|Release: February 26, 2013|
|Screen Resolution: N/A||Mild Blood, Mild Fantasy Violence, Mild Language, Mild Suggestive Themes|
Other parts of the game's interface show continued improvement for the series. By its nature, the game involves a lot of information processing and menu browsing. Most things are relatively easy to get to, though it will all be too much for some players. For fans of the genre, though, it's nice to see that character skill trees can now be easily browsed, and the player can get a great deal of information during battles with just a press of a button. There are a few oversights; for example, the player can check how many turns are left in running buffs for the party, but not in running debuffs placed on the enemy. Generally, though, the series has come a long way in terms of its user interface.
With the series moving to 3DS, the graphics have gained some nice upgrades as well. Along with the FOEs becoming real moving creatures instead of orange blobs, all regular monsters are now represented by 3D models during battle. They have lost a bit of the detail found in their hand-drawn predecessors, but they still have plenty of personality. Dungeon graphics are now higher-resolution and retain the highly botanical and riotously colorful themes they've had throughout the series. The game's many menus are attractively designed and are largely easy to look at.
There are still graphical improvements that could be made. It would be nice to see NPC encounters and other dungeon events shown more graphically. In addition, the environmental graphics are a bit pixellated, lending a fuzzy look to the world at large that clashes with the smooth monster designs. The 3D effect is hit or miss—it looks quite nice in the menus and on the battle screen, but is a bit dizzying while exploring the dungeons. Still, Etrian Odyssey IV is ahead of most games in its genre graphically, something it certainly deserves credit for.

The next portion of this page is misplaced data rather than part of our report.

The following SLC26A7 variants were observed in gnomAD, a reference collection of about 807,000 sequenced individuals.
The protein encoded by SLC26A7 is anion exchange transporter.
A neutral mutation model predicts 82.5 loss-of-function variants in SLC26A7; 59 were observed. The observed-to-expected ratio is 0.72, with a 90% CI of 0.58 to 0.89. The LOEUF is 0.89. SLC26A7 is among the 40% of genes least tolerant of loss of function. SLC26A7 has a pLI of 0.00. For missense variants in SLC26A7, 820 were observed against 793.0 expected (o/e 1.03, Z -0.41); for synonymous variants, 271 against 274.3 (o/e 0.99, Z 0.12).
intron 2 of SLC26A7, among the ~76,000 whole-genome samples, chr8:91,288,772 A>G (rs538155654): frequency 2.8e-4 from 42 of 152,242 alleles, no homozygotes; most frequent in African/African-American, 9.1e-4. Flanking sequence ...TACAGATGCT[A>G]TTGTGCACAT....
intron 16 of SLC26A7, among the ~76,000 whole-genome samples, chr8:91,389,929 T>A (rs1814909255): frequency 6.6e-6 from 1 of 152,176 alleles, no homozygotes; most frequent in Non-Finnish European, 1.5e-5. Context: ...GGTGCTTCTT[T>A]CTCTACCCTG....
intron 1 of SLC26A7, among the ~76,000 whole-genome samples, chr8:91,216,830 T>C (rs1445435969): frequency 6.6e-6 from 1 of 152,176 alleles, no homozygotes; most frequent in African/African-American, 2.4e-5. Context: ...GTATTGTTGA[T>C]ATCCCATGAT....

Likewise, the musical score in the game is head and shoulders above most dungeon crawlers (and many games in general). This time around, it's fully orchestrated, and the pieces are gorgeous. Atlus has a winner in composer Yuzo Koshiro, and his score makes up for the fact that all other aspects of the game's sound design are completely unremarkable.
Etrian Odyssey IV won't appeal to every gamer, but the series has come a long way since its first entry. With an interesting world, the sense of adventure imparted by hot air balloon exploration, the interesting strategic choices surrounding the FOEs, and the fun of literally charting a course through the dungeons, there's a lot to recommend about this game.
Gamers who tried the series earlier and found it too tedious or difficult might want to give it another try with this game. Casual Mode is a godsend for anybody who wants to have a good time exploring the labyrinths without having to grind too much, and the game's many strong points have elevated Etrian Odyssey to the best dungeon crawling series around. Fans of the dungeon crawling genre will love it, and newbies who are intrigued by the concept will find no better introduction to this kind of game than Etrian Odyssey IV in Casual Mode.
Date: February 28, 2013